The Asian Pacific American Legal Resource Center
D.C. Office      1600 K Street, NW, Mezzanine Level, Washington, D.C. 20006
♦ Helpline:  202.393.3572                     Fax: 202.393.0995

Main: Ext. 22
Chinese: Ext. 18
Hindi/Urdu: Ext. 19
Vietnamese: Ext. 20
Korean: Ext. 21

Maryland Office 11141 Georgia Avenue, Suite 215, Silver Spring, MD 20902

♦ Phone: 301.942.2223

APALRC: Ensuring Access to Justice for Asian Pacific Americans Since 1998
http://www.apalrc.org

Many Thanks to Claudia Johnson for pointing us to this!
-RFW

SC Appleseed in the NEWS!

Another SC Access to Justice Commissioner has news or should I say is IN the news today. Sue Berkowitz, the SC Appleseed Legal Justice Center Executive Director, was quoted in the prestigious Wall Street Journal.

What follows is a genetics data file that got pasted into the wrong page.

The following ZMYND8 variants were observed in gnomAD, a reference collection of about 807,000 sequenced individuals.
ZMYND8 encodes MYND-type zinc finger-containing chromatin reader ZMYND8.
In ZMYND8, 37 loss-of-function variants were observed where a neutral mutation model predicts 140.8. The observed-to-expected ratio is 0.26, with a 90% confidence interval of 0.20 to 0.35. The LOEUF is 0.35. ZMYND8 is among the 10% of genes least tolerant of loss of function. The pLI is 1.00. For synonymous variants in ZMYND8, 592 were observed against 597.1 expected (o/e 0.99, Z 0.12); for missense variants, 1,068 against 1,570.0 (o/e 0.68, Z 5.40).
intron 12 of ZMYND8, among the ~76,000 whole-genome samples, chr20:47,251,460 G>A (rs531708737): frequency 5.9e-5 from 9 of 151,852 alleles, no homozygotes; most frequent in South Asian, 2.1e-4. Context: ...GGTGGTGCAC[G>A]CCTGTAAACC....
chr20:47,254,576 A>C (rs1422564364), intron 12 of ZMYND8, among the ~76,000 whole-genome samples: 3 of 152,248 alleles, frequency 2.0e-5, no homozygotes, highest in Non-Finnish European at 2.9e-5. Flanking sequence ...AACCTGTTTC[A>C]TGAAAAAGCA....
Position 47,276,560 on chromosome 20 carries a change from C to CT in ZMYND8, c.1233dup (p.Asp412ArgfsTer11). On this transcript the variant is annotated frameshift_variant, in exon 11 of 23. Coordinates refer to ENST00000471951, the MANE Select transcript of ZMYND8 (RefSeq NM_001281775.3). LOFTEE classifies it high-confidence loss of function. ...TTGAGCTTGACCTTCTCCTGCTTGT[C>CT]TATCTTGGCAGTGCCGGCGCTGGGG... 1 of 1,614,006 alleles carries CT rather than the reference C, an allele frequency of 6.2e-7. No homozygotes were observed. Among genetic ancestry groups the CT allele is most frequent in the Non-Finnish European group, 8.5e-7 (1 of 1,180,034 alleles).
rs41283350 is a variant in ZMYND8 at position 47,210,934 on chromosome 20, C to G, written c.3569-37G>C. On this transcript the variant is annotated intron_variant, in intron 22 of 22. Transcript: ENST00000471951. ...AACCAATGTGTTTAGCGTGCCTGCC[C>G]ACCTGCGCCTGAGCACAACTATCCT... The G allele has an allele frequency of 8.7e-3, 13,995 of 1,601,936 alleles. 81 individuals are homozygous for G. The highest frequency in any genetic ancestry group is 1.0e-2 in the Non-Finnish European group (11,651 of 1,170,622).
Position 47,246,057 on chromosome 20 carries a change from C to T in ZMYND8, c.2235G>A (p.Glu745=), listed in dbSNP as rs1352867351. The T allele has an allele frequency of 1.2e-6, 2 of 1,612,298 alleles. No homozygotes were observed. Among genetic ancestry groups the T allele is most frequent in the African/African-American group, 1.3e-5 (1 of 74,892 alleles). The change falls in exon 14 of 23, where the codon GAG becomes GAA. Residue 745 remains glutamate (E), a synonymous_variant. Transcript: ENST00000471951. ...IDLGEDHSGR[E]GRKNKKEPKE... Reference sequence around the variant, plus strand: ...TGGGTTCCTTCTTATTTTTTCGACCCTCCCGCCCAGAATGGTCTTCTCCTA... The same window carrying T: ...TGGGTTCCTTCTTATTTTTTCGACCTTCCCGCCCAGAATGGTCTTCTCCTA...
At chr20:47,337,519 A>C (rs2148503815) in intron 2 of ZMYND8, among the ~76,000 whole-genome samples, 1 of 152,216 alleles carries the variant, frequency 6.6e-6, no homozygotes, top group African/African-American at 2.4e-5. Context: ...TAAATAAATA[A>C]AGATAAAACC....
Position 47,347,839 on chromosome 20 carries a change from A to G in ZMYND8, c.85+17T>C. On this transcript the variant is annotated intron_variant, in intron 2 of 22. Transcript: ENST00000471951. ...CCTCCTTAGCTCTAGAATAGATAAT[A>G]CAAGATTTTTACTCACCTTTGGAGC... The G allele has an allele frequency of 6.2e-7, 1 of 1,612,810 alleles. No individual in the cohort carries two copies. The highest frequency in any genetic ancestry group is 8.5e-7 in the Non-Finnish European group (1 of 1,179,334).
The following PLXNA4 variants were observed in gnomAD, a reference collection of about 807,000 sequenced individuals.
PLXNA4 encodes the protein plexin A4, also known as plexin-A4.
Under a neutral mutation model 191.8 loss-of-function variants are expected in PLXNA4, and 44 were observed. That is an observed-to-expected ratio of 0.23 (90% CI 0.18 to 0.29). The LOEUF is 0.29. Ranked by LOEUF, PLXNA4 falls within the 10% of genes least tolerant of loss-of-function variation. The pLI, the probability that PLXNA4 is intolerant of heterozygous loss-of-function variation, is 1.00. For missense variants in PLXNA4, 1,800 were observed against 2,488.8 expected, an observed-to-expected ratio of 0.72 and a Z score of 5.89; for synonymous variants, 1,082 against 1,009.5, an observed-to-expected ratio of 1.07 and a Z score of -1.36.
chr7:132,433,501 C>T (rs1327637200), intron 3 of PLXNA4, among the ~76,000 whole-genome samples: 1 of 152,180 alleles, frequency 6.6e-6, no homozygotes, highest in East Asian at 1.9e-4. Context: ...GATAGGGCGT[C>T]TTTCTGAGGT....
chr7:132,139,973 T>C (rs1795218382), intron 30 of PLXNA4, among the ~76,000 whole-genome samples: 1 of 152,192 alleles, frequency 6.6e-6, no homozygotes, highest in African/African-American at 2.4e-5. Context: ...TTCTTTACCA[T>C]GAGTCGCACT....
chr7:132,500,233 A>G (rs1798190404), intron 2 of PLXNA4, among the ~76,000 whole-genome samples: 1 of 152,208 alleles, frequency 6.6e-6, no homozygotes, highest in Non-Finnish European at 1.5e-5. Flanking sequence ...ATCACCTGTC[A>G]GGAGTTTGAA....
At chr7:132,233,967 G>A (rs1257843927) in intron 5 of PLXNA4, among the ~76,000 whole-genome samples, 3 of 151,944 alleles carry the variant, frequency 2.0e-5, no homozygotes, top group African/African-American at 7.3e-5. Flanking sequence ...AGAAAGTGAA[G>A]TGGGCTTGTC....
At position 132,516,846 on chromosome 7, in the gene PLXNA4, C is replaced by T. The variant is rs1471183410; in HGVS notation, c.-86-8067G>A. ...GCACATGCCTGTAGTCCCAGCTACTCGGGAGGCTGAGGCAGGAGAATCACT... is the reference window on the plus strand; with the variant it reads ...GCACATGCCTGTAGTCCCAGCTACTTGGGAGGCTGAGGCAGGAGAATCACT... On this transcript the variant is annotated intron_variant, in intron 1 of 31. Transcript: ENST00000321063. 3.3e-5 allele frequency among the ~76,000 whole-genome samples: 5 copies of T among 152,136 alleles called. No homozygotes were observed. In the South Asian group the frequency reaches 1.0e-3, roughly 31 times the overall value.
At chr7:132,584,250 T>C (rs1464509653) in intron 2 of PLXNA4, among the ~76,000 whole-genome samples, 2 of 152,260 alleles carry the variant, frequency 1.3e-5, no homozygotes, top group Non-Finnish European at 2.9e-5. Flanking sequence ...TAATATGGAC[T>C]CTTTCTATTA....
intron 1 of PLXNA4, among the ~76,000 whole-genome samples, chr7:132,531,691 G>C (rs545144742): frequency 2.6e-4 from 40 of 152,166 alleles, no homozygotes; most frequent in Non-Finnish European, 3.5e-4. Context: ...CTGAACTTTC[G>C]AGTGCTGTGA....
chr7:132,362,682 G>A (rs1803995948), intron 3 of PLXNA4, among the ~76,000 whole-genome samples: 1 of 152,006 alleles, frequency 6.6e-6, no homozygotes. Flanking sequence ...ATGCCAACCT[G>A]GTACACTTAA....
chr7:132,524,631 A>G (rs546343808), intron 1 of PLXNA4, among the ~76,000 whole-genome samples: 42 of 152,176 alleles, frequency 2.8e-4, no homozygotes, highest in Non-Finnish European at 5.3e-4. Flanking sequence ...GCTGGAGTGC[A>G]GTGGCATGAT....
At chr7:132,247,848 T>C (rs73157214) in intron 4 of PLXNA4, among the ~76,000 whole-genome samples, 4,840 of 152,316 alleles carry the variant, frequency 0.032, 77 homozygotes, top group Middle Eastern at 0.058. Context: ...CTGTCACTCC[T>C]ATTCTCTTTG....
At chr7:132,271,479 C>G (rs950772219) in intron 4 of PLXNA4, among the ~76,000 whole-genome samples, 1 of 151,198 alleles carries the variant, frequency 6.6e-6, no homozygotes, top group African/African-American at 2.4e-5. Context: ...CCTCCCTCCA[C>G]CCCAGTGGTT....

Sue B - doing what she does best

The story? Numbers on Welfare See Sharp Increase. Excerpt from the story:

Twenty-three of the 30 largest states, which account for more than 88% of the nation’s total population, see welfare caseloads above year-ago levels, according to a survey conducted by The Wall Street Journal and the National Conference of State Legislatures. As more people run out of unemployment compensation, many are turning to welfare as a stopgap.

South Carolina is one of the “leading” states – in which welfare cases have increased from +10% to +30% over last year’s rates. Other states with sharp increases include California, Colorado, Florida, Maryland, OhioOregon, and Washington.

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On another note, we noted that the SC Appleseed Legal Justice website has a new look too. And we like it!

-RFW

Maryland’s Foreclosure Prevention

If you are looking for Foreclosure Prevention assistance in Maryland, help is available online at http://www.mdhope.org/ or http://www.probonomd.org/foreclosure.html. To call for a referral to a housing counseling agency or a volunteer lawyer, call the Maryland Home Owners Preserving Equity hotline at 1-877-462-7555.